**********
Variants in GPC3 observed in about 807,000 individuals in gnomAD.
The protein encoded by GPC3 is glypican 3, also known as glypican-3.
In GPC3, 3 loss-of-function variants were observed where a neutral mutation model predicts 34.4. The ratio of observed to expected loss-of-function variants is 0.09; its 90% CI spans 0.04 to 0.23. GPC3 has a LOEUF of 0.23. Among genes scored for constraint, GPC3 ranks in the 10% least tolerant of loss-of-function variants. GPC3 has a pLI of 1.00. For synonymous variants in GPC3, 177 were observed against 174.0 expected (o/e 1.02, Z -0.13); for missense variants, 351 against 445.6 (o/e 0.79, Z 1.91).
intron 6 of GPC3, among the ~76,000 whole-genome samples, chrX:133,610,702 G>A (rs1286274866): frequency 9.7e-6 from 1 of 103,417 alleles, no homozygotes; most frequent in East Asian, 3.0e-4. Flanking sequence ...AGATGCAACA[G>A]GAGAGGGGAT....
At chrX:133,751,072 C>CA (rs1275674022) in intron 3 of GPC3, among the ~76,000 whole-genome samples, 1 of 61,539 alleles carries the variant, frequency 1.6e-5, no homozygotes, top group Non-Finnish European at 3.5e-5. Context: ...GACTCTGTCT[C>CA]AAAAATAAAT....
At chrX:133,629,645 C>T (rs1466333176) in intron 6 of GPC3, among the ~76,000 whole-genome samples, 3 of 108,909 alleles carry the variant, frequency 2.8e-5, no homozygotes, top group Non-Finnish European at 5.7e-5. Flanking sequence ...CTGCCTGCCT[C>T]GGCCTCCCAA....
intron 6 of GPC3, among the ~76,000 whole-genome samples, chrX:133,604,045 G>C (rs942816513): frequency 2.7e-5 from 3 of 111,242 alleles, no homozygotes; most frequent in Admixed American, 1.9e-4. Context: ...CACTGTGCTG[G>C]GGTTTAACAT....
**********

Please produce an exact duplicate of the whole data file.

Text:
Variants in GPC3 observed in about 807,000 individuals in gnomAD.
The protein encoded by GPC3 is glypican 3, also known as glypican-3.
In GPC3, 3 loss-of-function variants were observed where a neutral mutation model predicts 34.4. The ratio of observed to expected loss-of-function variants is 0.09; its 90% CI spans 0.04 to 0.23. GPC3 has a LOEUF of 0.23. Among genes scored for constraint, GPC3 ranks in the 10% least tolerant of loss-of-function variants. GPC3 has a pLI of 1.00. For synonymous variants in GPC3, 177 were observed against 174.0 expected (o/e 1.02, Z -0.13); for missense variants, 351 against 445.6 (o/e 0.79, Z 1.91).
intron 6 of GPC3, among the ~76,000 whole-genome samples, chrX:133,610,702 G>A (rs1286274866): frequency 9.7e-6 from 1 of 103,417 alleles, no homozygotes; most frequent in East Asian, 3.0e-4. Flanking sequence ...AGATGCAACA[G>A]GAGAGGGGAT....
At chrX:133,751,072 C>CA (rs1275674022) in intron 3 of GPC3, among the ~76,000 whole-genome samples, 1 of 61,539 alleles carries the variant, frequency 1.6e-5, no homozygotes, top group Non-Finnish European at 3.5e-5. Context: ...GACTCTGTCT[C>CA]AAAAATAAAT....
At chrX:133,629,645 C>T (rs1466333176) in intron 6 of GPC3, among the ~76,000 whole-genome samples, 3 of 108,909 alleles carry the variant, frequency 2.8e-5, no homozygotes, top group Non-Finnish European at 5.7e-5. Flanking sequence ...CTGCCTGCCT[C>T]GGCCTCCCAA....
intron 6 of GPC3, among the ~76,000 whole-genome samples, chrX:133,604,045 G>C (rs942816513): frequency 2.7e-5 from 3 of 111,242 alleles, no homozygotes; most frequent in Admixed American, 1.9e-4. Context: ...CACTGTGCTG[G>C]GGTTTAACAT....